We know that China retreated from its one-child policy to a two-child limit in 2016. But because the birth rate failed to soar, they proclaimed during August that couples could have three children.
China is not the only country that wants to boost its birth rate. The global fertility rate has been descending:
China’s Birth Rate
China altered its incentives to expand family size. They eliminated a financial penalty–the social maintenance fee–that couples paid for having too many children. According to the BBC, they also are urging local government to implement child friendly policies that include parental leave and childcare for working parents.
However these graphics display the immensity of the challenge. Trying to switch, they discovered that one-child was more ingrained than they imagined.
Marriage and Divorce
Marriage is down and divorce is up:
One-child skewed the size of the male population. (One Chinese businessman even paid $1 million to an introductions agency.) The male/female ratio increased to 114 men for every 100 women:
You can see a cascading birth rate. The total number of births dropped from 18 million in 2016 to 12 million last year:
With the birth rate declining, officials worry that “China will grow old before it grows rich.” Their concern is the growing number of old people that a relatively smaller working population has to support. Technically, we are talking about a dependency ratio with the aged as our numerator and the labor force as the denominator:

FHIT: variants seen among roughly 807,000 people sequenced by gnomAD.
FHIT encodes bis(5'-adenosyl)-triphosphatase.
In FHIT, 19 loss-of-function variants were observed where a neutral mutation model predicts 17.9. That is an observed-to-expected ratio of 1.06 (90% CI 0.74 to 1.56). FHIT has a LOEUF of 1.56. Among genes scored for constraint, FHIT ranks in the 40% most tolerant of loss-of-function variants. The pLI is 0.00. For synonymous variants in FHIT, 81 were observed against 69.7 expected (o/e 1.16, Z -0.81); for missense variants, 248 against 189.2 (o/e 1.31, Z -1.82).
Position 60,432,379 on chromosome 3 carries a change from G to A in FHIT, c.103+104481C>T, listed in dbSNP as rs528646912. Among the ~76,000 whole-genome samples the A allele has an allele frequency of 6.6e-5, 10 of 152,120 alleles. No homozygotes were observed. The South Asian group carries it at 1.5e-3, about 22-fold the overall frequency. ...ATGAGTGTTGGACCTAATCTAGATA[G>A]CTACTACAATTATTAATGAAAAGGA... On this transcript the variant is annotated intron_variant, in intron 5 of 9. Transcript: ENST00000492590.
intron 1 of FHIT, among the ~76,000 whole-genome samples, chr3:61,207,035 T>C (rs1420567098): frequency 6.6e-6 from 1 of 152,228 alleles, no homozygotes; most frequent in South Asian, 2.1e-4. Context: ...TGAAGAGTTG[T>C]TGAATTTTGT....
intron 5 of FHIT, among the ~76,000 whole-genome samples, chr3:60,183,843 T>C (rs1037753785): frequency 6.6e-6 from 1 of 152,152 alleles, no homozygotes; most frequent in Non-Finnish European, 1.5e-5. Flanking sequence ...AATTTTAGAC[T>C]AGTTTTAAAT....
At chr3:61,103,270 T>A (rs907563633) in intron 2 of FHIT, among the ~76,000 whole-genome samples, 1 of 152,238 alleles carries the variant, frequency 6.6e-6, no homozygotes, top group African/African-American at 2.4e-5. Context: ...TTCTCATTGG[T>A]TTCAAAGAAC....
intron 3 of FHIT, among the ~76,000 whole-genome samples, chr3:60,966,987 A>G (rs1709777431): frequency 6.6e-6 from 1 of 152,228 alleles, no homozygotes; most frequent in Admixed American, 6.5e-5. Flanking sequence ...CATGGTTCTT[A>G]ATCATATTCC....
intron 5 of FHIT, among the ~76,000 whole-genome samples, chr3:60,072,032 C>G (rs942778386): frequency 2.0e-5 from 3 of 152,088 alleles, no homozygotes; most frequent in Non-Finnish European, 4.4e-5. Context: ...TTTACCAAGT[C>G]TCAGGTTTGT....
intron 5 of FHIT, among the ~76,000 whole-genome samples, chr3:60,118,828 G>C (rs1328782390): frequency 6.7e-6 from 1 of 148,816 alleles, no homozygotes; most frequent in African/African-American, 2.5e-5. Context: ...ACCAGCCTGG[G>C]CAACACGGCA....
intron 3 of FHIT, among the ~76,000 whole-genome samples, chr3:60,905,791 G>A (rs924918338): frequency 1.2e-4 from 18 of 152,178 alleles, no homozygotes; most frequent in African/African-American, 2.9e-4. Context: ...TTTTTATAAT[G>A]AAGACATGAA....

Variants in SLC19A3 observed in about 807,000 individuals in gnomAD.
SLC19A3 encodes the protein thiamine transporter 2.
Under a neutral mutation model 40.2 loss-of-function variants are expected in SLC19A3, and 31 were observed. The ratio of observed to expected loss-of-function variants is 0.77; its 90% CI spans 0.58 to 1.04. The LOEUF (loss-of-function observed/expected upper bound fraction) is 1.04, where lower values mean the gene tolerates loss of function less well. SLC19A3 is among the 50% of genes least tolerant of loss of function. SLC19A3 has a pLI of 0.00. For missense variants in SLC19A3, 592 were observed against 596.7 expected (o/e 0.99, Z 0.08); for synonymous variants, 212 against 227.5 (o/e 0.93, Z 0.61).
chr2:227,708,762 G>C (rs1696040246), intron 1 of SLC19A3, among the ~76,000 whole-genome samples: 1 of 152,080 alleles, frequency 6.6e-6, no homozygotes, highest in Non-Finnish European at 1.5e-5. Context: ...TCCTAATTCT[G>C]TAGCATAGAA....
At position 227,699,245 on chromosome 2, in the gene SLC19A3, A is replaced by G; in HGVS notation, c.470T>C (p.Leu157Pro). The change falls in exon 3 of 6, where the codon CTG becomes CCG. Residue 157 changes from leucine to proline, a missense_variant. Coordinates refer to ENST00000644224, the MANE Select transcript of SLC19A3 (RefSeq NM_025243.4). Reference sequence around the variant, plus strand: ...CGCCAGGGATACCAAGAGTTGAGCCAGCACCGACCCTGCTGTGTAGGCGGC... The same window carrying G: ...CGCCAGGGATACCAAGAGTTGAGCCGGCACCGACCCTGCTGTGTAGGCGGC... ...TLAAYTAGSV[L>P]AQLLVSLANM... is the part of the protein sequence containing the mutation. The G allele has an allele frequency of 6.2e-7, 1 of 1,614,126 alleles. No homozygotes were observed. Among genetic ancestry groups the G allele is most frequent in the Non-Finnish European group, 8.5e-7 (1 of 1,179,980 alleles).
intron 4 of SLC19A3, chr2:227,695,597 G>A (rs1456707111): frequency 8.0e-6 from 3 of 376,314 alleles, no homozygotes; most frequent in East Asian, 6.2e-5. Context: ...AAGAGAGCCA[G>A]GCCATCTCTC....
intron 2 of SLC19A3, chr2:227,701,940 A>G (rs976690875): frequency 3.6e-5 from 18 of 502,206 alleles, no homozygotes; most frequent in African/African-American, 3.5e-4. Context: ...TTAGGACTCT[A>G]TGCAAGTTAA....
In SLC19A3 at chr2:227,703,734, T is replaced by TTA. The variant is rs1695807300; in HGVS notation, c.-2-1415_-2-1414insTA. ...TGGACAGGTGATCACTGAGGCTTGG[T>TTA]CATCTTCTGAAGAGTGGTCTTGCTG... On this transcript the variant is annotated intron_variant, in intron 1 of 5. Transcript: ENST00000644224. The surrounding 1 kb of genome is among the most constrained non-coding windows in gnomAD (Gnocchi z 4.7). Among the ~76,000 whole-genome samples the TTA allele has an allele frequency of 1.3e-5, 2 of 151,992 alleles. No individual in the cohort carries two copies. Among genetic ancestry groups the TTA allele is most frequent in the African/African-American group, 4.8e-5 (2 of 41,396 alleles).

Our Bottom Line: Global Fertility
Although other countries have not had a one-child policy, still the incentive to have fewer children prevailed elsewhere. In a list of fertility rates for 198 countries, South Korea has the world’s lowest. Below the replacement rate, a South Korean woman can expect to have 1.1 children during her lifetime. Somewhat similarly, 23 countries, including South Korea, Japan, Spain, and Portugal, can expect close to a 50 percent population decline by 2100.
Elsewhere, the projected decline is less:
The answer to why birth rates are down is a happy reason. Women have become more educated, they are in the work force, and they have access to contraception.
Also asking why, this video has some answers:
My sources and more: The BBC, here, here, and here had the update on China’s birth rate. Then, the UPI had the facts for South Korea and Japan. On global fertility, the best article, though, was from the BBC.